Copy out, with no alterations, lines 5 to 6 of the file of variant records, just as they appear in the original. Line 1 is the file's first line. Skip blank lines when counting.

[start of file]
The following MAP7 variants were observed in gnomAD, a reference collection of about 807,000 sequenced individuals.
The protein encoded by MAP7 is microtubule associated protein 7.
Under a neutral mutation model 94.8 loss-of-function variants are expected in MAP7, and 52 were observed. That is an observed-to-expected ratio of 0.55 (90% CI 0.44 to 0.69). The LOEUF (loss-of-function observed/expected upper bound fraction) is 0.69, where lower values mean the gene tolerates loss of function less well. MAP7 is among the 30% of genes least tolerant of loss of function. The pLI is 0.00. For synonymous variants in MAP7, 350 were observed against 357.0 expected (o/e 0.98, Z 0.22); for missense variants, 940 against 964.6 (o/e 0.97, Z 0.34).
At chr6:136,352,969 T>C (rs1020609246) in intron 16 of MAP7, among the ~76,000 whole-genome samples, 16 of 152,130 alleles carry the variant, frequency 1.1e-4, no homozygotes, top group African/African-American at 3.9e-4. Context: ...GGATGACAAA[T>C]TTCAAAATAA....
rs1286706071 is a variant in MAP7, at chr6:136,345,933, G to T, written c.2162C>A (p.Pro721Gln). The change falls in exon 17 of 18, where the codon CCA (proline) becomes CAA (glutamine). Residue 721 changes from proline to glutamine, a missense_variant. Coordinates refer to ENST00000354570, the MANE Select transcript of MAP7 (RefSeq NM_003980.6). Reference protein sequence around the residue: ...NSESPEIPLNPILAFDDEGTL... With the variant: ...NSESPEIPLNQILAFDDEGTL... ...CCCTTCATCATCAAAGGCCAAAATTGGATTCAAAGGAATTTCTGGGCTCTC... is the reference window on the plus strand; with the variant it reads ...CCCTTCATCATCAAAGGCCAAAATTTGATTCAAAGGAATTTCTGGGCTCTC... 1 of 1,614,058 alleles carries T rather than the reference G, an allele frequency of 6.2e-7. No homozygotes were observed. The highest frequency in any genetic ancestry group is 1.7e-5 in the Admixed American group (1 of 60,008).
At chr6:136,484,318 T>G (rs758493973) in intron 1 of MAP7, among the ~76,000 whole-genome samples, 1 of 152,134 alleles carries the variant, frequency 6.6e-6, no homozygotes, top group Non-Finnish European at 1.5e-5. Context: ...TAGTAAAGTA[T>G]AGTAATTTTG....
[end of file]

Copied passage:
rs1286706071 is a variant in MAP7, at chr6:136,345,933, G to T, written c.2162C>A (p.Pro721Gln). The change falls in exon 17 of 18, where the codon CCA (proline) becomes CAA (glutamine). Residue 721 changes from proline to glutamine, a missense_variant. Coordinates refer to ENST00000354570, the MANE Select transcript of MAP7 (RefSeq NM_003980.6). Reference protein sequence around the residue: ...NSESPEIPLNPILAFDDEGTL... With the variant: ...NSESPEIPLNQILAFDDEGTL... ...CCCTTCATCATCAAAGGCCAAAATTGGATTCAAAGGAATTTCTGGGCTCTC... is the reference window on the plus strand; with the variant it reads ...CCCTTCATCATCAAAGGCCAAAATTTGATTCAAAGGAATTTCTGGGCTCTC... 1 of 1,614,058 alleles carries T rather than the reference G, an allele frequency of 6.2e-7. No homozygotes were observed. The highest frequency in any genetic ancestry group is 1.7e-5 in the Admixed American group (1 of 60,008).
At chr6:136,484,318 T>G (rs758493973) in intron 1 of MAP7, among the ~76,000 whole-genome samples, 1 of 152,134 alleles carries the variant, frequency 6.6e-6, no homozygotes, top group Non-Finnish European at 1.5e-5. Context: ...TAGTAAAGTA[T>G]AGTAATTTTG....